Now that the Arizona Wildcats know they will be playing basketball this fall, they have to figure out who they’re going to play.
The Pac-12 announced Thursday that its basketball season will begin Nov. 25, just like the rest of the country. But while Arizona originally had several non-conference games scheduled after that date, Bruce Pascoe of the Arizona Daily Star tweeted that many, if not all of them, are subject to change due to COVID-19.
In case you forgot, here’s what Arizona’s slate was supposed to look like during that stretch:
Nov. 25 at NIT Season Tip-Off
Nov. 27 at NIT Season Tip-Off
Dec. 2 Colorado*
Dec. 5 at Gonzaga
Dec. 9 Cal State Bakersfield
Dec. 12 at Illinois
Dec. 16 Cal Baptist
Dec. 19 at Stanford*
Dec. 22 Montana
*Pac-12 conference game
Pascoe tweeted that Gonzaga is “almost definitely out; Illinois is very iffy; NIT is in question but UA may save some of its non-conference home games if they can be played safely.”
The NCAA is only requiring teams to play four non-conference games to be postseason eligible, a number Arizona can reach simply by playing in the Preseason NIT—if that’s still a thing—and preserving two of its home games against Cal State Bakersfield, Cal Baptist and Montana.
If Arizona wants more, it can either schedule single games (think of a traditional home-and-home series) or partake in a multi-team event.
One challenge with playing mid-majors like Cal Baptist is they might not have the same testing capabilities as power-conference schools—notable because the Pac-12 said Thursday that non-conference opponents must have “minimum testing protocols in accordance with NCAA and Pac-12 COVID-19 Medical Advisory Committee recommendations.”
Any opponent Arizona adds figures to be from the West. Athletic director Dave Heeke said in the spring that Arizona is “ramping up” its scheduling of regional opponents from New Mexico, Utah, Nevada and Southern California in order to reduce travel costs after the athletic department lost millions of dollars due to coronavirus crisis.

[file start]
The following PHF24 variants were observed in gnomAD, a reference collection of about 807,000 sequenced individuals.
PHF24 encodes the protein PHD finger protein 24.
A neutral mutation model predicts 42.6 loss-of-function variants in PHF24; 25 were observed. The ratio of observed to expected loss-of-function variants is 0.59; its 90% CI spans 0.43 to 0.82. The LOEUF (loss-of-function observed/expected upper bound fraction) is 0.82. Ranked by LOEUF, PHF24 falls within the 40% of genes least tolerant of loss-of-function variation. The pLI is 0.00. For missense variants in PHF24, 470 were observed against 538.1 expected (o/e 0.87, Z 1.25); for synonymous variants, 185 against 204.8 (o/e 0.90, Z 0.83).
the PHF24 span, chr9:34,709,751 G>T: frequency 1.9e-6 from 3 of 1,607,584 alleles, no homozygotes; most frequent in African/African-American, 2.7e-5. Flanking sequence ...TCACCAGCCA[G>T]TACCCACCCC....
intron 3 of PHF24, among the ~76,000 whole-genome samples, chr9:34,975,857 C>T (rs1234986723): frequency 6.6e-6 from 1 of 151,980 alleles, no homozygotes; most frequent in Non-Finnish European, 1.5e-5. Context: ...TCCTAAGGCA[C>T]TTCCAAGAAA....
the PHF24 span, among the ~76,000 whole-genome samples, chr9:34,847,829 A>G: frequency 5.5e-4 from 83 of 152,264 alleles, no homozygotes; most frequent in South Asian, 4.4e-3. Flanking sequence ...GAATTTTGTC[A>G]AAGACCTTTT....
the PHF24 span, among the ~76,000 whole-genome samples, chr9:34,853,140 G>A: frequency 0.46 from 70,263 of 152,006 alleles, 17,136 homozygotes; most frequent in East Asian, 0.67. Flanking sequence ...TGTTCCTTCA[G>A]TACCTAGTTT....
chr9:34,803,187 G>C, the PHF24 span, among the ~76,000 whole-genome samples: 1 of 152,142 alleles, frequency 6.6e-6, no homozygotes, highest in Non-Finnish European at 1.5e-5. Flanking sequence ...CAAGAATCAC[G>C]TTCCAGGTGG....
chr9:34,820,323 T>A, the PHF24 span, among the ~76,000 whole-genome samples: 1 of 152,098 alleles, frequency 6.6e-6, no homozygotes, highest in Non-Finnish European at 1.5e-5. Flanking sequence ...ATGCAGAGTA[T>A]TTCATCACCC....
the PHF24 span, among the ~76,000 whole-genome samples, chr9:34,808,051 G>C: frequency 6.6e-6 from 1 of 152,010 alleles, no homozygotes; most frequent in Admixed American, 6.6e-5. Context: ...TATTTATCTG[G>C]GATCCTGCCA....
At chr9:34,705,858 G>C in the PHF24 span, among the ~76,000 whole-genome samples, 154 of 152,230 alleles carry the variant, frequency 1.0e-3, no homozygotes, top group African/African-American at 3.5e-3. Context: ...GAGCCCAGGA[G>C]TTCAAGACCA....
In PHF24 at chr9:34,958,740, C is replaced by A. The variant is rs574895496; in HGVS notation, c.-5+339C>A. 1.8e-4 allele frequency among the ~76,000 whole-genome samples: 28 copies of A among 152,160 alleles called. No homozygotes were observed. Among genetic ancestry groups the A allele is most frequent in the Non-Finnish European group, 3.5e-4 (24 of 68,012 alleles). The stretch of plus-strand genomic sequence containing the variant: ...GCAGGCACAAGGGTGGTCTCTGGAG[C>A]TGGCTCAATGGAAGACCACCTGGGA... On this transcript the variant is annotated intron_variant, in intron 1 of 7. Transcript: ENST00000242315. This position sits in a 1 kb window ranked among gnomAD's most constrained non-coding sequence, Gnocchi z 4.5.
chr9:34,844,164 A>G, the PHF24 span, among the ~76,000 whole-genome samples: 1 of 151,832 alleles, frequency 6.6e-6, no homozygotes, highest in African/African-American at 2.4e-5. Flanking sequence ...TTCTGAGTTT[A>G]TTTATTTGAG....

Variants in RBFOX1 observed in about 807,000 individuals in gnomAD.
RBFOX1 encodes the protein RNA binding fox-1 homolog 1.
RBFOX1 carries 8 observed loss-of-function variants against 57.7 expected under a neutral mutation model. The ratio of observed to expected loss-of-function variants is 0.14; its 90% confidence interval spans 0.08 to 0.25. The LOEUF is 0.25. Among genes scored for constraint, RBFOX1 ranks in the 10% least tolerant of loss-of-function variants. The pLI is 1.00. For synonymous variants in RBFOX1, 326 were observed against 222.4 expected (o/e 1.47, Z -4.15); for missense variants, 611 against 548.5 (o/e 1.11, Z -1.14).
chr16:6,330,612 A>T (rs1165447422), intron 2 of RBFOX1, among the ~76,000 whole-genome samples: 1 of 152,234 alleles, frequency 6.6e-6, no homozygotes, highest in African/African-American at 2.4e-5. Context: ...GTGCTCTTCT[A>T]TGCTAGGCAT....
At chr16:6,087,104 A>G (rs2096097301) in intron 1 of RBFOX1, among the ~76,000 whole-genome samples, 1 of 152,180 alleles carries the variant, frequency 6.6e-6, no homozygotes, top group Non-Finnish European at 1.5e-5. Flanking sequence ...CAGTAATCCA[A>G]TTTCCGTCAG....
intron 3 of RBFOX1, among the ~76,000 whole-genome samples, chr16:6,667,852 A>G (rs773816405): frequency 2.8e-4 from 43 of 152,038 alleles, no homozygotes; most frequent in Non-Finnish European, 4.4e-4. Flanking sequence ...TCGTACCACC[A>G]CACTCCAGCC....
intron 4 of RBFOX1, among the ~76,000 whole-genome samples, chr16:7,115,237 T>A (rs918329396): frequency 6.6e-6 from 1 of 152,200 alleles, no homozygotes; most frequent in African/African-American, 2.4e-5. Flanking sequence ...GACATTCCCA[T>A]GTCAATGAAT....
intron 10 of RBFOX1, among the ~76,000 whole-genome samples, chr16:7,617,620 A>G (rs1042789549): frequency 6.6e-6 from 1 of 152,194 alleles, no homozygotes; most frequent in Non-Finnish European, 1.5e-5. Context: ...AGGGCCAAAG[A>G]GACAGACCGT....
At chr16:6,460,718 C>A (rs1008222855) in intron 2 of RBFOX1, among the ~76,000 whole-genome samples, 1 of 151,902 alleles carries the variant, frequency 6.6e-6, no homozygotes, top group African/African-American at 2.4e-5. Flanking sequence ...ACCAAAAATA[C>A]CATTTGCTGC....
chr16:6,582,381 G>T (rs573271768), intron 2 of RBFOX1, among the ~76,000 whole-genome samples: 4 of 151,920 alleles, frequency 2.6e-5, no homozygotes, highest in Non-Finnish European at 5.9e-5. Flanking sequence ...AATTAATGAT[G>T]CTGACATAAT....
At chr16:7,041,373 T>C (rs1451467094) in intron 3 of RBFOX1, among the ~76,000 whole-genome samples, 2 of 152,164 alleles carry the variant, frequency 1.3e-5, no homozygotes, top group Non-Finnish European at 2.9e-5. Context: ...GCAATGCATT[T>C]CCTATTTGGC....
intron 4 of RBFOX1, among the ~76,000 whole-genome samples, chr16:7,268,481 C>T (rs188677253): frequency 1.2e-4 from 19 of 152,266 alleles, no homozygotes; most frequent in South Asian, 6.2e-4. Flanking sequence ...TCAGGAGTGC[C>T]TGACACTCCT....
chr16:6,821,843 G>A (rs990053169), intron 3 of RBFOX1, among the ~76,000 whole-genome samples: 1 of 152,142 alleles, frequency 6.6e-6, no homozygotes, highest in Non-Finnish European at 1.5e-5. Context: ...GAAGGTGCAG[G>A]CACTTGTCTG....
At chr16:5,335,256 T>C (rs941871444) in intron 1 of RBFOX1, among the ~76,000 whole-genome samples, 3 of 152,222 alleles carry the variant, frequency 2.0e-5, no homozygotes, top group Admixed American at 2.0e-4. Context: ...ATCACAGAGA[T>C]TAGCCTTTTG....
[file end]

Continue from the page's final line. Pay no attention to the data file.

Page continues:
Quality teams in that category include UNLV, New Mexico, New Mexico State and San Diego State. Maybe even BYU and Texas Tech, which are a bit further away.
Arizona could also meet those teams at a central location and knock out several non-conference games within a week or two, similar to what the NBA has done in Orlando.
Matt Norlander of CBS Sports reports that as many as 100 men’s and women’s teams from the Big West, Big Sky, WAC, WCC, Mountain West, Pac-12 and Big 12 could play in Las Vegas, which has plenty of hotels and arenas to safely host several multi-team events.
Big West commissioner Dan Butterly spoke to Norlander about the logistics of that:
Butterly said a good schedule template for his league would be five games over a 10-day period in December, ideally once players have finished taking finals. Butterly is equipped to help make this happen; he built MTEs for years when he was running point in the Mountain West for basketball. Arranging schedules for a Vegas bubble-type environment is a bear, but the most obvious way to do it with the least amount of hassle is determining pool play and putting “like competition” in the same pods. Metrics from previous seasons will be used as a compass, taking the best and worst teams and then they’ll work toward the middle.
It is not cheap. Your average November MTE event runs in the neighborhood of $500,000. Add coronavirus testing and the costs spike. But these events are attractive to schools because of the benefit of testing not falling inside athletic-department budget ledgers.
The expectation is rapid antigen testing upon arrival and then every other day during the stay.
As far as Arizona’s conference schedule goes, Pac-12 commissioner Larry Scott said it’s not clear when conference play will start or how many games it will consist of. The Pac-12 was supposed to shift to a 20-game conference schedule this year, including two games in December, but those plans may have to be shelved.
“This is such an unusual year,” Scott said, “that everything is on the table.”